Summary of PEB 248’s Recommendations
The Board recommended wage increases totaling 18.4 percent in compounded wage increases over 6.5 year or 2.6 percent per year. When increases for health insurance factored in, the recommendations totaled 17.7 percent over the term or 2.5 percent a year.
“Over the years wage settlements at NJT have closely followed the general trend of wage changes at the other large commuter railroads in the region, including LIRR, Metro-North, SEPTA and MBTA. …The Board’s recommendations are consistent with the average annual uncompounded wage increases at the four other large commuter rail carriers. The average annual wage increases of all four of these commuter railroads is 2.6 percent, the same nominal wage rate increase recommended by the Board.”
Although the board recommended an increase in health insurance contributions and an increase in co-payments, the PEB rejected NJT’s proposal for a new inferior insurance plan and their proposal to make employees responsible for 50 percent of excise taxes incurred as a result of the Affordable Care Act.
“The Carrier’s proposal falls outside the current health insurance contribution trends in the industry. Our recommendation would move the employees’ contributions from 1.8 percent to 2.5 percent, which we do not consider an unwarranted increase.”
The PEB rejected NJT’s proposal to eliminate employee ridership passes. The Board also rejected NJT’s proposal to reduce contributions to new hire 401 (a) contributions and also recommended provisions for conductor certification pay.
What Happens Next
The Coalition and NJT have until November 12 to negotiate a voluntary agreement. If no agreement is reached by that time, either side or the Governor can invoke a second Presidential Emergency Board. That PEB will select the most reasonable final offer. Its recommendation again will be non-binding. The parties will then have until March 11, 2016, to reach a voluntary agreement. If no agreement is reached, self-help would then be possible.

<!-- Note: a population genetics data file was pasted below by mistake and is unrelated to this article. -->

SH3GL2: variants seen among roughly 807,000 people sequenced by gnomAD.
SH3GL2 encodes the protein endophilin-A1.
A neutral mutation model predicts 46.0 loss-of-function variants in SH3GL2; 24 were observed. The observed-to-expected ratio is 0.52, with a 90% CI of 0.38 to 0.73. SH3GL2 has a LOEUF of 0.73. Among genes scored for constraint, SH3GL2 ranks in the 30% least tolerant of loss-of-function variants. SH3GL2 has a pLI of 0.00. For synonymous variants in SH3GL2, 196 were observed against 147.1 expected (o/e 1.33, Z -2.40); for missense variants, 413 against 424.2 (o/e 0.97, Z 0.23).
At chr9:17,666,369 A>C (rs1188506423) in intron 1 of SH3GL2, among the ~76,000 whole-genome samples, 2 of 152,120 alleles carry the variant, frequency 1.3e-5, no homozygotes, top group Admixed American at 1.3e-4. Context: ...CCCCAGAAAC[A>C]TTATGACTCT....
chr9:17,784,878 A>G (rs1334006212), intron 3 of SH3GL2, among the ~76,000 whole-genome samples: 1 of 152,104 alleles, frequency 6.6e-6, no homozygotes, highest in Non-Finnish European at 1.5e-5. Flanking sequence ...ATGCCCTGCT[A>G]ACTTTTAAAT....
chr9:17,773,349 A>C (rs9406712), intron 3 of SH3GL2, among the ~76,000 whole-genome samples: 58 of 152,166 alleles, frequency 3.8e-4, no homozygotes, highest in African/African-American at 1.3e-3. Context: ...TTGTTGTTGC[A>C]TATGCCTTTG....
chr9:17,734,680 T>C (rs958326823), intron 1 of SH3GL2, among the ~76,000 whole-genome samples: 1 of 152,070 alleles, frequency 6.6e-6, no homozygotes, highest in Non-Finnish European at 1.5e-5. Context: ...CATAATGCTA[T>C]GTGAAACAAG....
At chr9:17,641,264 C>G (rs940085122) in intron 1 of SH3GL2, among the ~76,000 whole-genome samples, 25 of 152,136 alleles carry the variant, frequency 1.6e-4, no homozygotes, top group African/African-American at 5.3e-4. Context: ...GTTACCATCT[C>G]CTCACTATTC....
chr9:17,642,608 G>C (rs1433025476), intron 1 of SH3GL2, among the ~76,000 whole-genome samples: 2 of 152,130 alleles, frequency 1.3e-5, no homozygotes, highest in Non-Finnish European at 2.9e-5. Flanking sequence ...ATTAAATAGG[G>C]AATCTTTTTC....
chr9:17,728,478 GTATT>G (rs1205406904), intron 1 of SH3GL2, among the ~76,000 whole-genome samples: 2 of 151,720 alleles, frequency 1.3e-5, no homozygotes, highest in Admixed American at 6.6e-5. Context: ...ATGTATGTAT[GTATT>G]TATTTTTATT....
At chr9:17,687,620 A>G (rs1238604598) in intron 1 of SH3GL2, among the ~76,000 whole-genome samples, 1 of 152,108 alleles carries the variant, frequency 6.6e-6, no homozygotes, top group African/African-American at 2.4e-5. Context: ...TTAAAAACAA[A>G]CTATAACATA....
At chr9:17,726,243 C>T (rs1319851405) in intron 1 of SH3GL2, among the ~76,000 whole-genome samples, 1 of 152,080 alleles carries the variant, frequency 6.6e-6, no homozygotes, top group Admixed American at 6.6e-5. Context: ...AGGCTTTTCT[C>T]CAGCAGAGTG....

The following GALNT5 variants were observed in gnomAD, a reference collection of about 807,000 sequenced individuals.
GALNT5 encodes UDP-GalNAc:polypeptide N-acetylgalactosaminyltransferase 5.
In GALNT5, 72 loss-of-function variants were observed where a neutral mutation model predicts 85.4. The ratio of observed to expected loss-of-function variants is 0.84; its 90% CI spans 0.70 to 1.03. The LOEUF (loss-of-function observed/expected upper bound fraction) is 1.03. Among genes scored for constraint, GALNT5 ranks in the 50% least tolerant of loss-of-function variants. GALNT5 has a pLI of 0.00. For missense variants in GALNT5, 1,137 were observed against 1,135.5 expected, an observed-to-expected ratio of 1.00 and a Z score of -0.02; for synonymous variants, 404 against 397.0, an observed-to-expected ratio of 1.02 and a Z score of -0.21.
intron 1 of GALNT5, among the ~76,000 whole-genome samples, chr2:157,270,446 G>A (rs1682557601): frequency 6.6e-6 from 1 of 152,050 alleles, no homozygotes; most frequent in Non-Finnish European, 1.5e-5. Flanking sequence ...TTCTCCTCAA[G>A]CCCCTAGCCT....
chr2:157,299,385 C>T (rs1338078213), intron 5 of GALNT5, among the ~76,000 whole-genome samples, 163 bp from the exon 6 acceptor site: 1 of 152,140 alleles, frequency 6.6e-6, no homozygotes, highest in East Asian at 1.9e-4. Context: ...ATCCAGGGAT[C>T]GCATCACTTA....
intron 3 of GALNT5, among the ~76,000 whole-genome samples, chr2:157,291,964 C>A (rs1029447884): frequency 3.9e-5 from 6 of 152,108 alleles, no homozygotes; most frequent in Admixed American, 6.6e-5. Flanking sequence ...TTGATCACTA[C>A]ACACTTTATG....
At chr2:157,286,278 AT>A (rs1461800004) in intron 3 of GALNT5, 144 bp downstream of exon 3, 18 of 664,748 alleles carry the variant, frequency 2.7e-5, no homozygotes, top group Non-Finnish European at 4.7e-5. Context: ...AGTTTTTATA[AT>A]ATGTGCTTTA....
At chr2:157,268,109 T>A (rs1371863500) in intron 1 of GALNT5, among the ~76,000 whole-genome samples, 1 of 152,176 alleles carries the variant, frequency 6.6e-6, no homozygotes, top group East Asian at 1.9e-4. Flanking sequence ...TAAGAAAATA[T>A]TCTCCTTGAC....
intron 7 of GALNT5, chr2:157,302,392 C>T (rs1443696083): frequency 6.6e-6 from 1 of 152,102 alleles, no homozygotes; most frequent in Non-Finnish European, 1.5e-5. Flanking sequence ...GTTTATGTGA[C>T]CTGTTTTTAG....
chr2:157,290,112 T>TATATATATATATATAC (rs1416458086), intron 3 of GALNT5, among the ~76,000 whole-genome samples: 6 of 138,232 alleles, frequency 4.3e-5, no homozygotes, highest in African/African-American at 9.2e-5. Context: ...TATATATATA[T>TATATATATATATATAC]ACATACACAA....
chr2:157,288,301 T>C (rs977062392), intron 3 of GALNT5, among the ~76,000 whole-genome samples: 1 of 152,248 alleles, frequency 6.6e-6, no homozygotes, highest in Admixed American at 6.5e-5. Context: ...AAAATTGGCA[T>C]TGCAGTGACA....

The Coalition believes PEB 248’s recommendations provide a fair compromise and the basis of a voluntary agreement. New Jersey Transit is still evaluating the recommendations and deciding on its next steps. No negotiations have yet been scheduled.
New Jersey Transit officials yesterday announced the agency’s plans for operation during the weekend of Sept. 26-27, when Pope Francis visits Philadelphia.
The agency will change its regular service to accommodate the estimated 2 million people who are expected to travel to see the pope during his two-day visit to Philadelphia. The pope also will visit New York City on Sept. 25 and Washington, D.C., on Sept. 24.
NJ Transit will offer a special, limited service on its Atlantic City Rail Line and River Line for people attending the World Meeting of Families and papal visit on Sept. 26-27.
In Maryland, a century-old rail tunnel needed emergency repairs this winter because of soil erosion from leaks, causing widespread train delays.
In Connecticut, an aging swing bridge failed to close twice last summer, stopping train service and stranding passengers.
And last week, New Jersey Transit riders had a truly torturous experience. There were major delays on four days because of problems with overhead electrical wires and a power substation, leaving thousands of commuters stalled for hours. One frustrated rider, responding to yet another New Jersey Transit Twitter post announcing a problem, replied: “Just easier to alert us when there aren’t delays.”